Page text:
When I was pregnant, I was not one of those people that read all the books and took all the classes. I prefer to take things as they come, and I feared that over preparing would make me more anxious than I already was about becoming a mom. One of the things I was least worried about was breastfeeding. I was reassured by my midwife that there’d be support in the hospital and I would be fine. Looking back, I wish that I had done more research and signed up for a breastfeeding class.

I didn’t know what I didn’t know — and what I didn’t know was anything about breastfeeding. Since humans have been doing it since the beginning of time, I figured it’d be easy. And for some people, it is. It might have been for me, too, if I’d had the knowledge I needed to make it work. By the time I realized that I needed help, I was three days into parenthood with a baby that wouldn’t latch. We ended up supplementing with formula (which isn’t the end of the world), but it was completely preventable if I’d been armed with the right information.

If you can find breastfeeding classes in your area, they’re a great resource. A local hospital or health center may offer them for less money if you’re finding them to be too costly. My health center has a Baby Cafe USA group, where nursing parents can drop-in and chat with a lactation consultant and meet other parents who are nursing. Pregnant women often stop in and ask questions before they have their babies. And, when all else fails, there are always tons of resources online that can help you meet your breastfeeding goals.

Here are some helpful things that I would have learned if I’d have take a breastfeeding class instead of stubbornly thinking I was too smart for that.

1. Feeding Cues

How can you tell if a newborn is hungry? You’ll learn about rooting, fist sucking, and lip smacking, among other hunger cues.

2. Positioning & Latching

An incorrect latch can be enough to end a breastfeeding relationship, because painful, cracked, bleeding nipples are no fun for anyone. Plus, you’ll learn about football hold, cradle hold, and more.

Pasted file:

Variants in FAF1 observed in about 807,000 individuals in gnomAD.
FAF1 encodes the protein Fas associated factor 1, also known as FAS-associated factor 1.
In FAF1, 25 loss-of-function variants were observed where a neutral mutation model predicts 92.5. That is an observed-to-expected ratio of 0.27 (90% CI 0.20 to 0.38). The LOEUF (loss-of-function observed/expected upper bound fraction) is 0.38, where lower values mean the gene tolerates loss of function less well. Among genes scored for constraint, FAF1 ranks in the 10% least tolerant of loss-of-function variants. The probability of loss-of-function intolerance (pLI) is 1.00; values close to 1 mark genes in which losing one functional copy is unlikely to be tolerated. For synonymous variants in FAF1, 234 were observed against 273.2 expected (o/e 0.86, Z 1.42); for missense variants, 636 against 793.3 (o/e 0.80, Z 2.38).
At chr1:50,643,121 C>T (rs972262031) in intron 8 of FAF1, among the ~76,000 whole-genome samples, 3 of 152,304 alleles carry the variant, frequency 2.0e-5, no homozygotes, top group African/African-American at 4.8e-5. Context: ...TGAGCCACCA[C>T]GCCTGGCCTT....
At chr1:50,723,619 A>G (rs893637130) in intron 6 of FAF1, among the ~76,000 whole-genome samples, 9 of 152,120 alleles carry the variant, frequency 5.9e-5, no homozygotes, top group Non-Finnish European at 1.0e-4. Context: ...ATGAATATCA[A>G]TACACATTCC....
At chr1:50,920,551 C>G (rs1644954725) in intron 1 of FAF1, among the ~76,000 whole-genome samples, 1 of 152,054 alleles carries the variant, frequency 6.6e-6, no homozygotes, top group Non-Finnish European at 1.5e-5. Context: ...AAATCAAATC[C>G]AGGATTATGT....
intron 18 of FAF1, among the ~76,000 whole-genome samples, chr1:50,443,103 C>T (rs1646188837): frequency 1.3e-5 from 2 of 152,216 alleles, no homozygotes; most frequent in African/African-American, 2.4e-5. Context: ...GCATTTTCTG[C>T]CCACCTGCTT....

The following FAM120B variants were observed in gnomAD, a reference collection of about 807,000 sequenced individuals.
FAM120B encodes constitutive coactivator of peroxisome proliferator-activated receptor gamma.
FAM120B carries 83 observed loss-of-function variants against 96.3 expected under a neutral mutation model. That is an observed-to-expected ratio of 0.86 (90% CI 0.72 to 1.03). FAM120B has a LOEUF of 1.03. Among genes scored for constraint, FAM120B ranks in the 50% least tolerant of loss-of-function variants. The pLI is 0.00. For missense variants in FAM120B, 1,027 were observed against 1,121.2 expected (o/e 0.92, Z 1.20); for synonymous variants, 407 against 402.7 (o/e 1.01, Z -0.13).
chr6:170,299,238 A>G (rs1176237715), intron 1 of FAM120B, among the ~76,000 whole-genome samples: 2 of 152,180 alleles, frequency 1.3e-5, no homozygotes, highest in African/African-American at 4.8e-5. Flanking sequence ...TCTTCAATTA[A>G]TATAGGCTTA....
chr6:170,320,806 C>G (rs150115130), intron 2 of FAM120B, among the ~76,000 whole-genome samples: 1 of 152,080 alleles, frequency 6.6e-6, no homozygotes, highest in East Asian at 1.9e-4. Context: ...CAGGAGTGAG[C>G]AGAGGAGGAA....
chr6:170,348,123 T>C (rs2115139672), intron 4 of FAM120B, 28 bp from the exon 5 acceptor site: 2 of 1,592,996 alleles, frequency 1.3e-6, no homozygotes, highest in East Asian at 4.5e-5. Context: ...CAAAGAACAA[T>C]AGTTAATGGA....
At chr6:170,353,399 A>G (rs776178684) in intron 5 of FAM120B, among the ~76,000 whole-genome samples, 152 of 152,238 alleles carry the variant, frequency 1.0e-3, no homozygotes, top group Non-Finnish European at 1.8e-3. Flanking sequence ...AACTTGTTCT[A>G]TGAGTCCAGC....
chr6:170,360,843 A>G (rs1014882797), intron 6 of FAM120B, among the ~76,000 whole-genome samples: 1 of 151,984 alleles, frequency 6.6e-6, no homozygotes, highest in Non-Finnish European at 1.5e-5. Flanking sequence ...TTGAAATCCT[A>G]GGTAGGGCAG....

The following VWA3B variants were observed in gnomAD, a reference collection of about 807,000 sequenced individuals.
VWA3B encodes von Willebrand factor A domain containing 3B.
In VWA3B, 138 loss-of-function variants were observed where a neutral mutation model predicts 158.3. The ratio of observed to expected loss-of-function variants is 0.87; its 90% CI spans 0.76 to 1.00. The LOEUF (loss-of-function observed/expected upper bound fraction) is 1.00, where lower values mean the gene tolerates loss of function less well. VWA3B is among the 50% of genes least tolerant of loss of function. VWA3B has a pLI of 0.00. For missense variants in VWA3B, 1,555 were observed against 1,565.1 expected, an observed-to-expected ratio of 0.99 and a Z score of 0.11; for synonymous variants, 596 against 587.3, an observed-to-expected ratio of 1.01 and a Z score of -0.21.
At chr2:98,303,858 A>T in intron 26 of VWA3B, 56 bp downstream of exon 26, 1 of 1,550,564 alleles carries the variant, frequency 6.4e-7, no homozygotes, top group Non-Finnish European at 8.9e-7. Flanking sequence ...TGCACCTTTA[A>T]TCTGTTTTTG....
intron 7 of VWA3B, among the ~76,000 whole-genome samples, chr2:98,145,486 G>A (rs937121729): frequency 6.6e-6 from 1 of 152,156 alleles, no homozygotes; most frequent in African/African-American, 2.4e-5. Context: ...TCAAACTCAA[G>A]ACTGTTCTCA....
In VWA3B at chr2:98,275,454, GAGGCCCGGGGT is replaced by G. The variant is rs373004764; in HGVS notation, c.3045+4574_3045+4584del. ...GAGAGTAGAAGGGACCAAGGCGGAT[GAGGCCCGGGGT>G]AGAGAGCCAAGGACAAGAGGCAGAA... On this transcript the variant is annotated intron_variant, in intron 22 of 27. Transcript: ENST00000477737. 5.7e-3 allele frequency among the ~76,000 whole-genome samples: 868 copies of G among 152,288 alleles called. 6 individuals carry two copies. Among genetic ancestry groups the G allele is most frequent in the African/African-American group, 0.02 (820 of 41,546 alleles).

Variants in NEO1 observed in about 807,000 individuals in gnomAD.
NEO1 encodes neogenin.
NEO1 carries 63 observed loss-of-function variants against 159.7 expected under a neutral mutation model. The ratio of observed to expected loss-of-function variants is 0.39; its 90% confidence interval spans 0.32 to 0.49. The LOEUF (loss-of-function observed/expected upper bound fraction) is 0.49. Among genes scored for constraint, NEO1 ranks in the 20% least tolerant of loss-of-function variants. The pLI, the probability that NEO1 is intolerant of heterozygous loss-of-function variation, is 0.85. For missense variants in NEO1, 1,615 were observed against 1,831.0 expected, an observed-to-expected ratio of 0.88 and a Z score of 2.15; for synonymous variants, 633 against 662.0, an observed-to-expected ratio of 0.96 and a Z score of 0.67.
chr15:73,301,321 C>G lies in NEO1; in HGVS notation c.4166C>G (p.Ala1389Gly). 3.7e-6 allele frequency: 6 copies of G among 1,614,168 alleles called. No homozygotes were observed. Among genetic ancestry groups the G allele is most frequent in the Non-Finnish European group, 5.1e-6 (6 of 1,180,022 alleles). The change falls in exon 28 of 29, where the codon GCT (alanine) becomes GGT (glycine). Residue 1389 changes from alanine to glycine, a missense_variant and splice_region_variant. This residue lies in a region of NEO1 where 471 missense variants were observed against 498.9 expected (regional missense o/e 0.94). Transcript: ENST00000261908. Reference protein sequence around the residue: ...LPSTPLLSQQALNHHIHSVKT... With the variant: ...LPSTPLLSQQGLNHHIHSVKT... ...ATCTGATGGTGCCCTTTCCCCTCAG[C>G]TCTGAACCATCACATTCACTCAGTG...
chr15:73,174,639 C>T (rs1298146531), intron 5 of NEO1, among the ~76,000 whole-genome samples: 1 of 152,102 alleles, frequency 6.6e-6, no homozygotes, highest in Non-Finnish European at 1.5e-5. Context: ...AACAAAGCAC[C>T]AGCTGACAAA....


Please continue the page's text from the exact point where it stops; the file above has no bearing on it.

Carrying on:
3. Supply & Demand

Did you know that breastmilk works via supply and demand? That means the more you put your baby on your boob, the more milk you’ll produce! It’s why, if you supplement with formula because you’re worried you’re not making enough milk, you’re actually less likely to produce enough.

4. How Often A Newborn Should Feed

When I inquired about my daughter’s lack of feeding, the nurse told me, “when she’s hungry, she’ll latch.” That was incorrect information and by the time we found out the truth, our baby had lost too much weight and we couldn’t go home.

5. What The Heck Cluster Feeding Is

Cluster feeding is a curse from the devil, is what it is. But I was wholly unprepared to have my baby latched onto me for 18 hours a day. Once I learned that she was working to bring in my milk and prepping for a growth spurt, it made it easier to deal with.

6. How Much Milk A New Baby Needs

Newborns have very small tummies. They don’t need much milk, though if you give a new baby a bottle of formula, they’ll suck the whole thing down because their instinct is to suckle. But even if your milk hasn’t come in yet, that’s okay. Newborns don’t need an entire bottle worth of milk right away.

7. How To Tell If Your Baby Is Getting Enough Milk

Unlike with bottles, you can’t measure how much milk your baby is taking without pumping (and even then, pumping isn’t necessarily an indicator of how much milk you make.) But there is a way to know if they’re eating enough. Hint — it has to do with their diaper output.

8. The Benefits Of Skin-To-Skin Contact

Hanging out topless with your baby is really good for both of you, and not just because it can get really hot if you delivered in July. Skin-to-skin helps with supply, latch, bonding, comfort, and a whole host of other things.

9. When To Start Pumping

Should you pump right away? Well, maybe not if you want to avoid having an oversupply, which sounds like a good thing but can actually be really challenging.

10. When To Introduce A Bottle

Although it’s tempting to let someone else help you with the feeding, there’s something called nipple confusion, and it’s beneficial to wait several weeks before giving your baby a bottle (though that isn’t always an option, of course.)

11. How To Take Care Of Yourself

The first six to eight weeks of breastfeeding are exhausting. Another person is literally sucking the energy out of you. Finding ways to care for yourself is incredibly important.

Images: Courtesy of daquellamanera/Flickr; Giphy (11)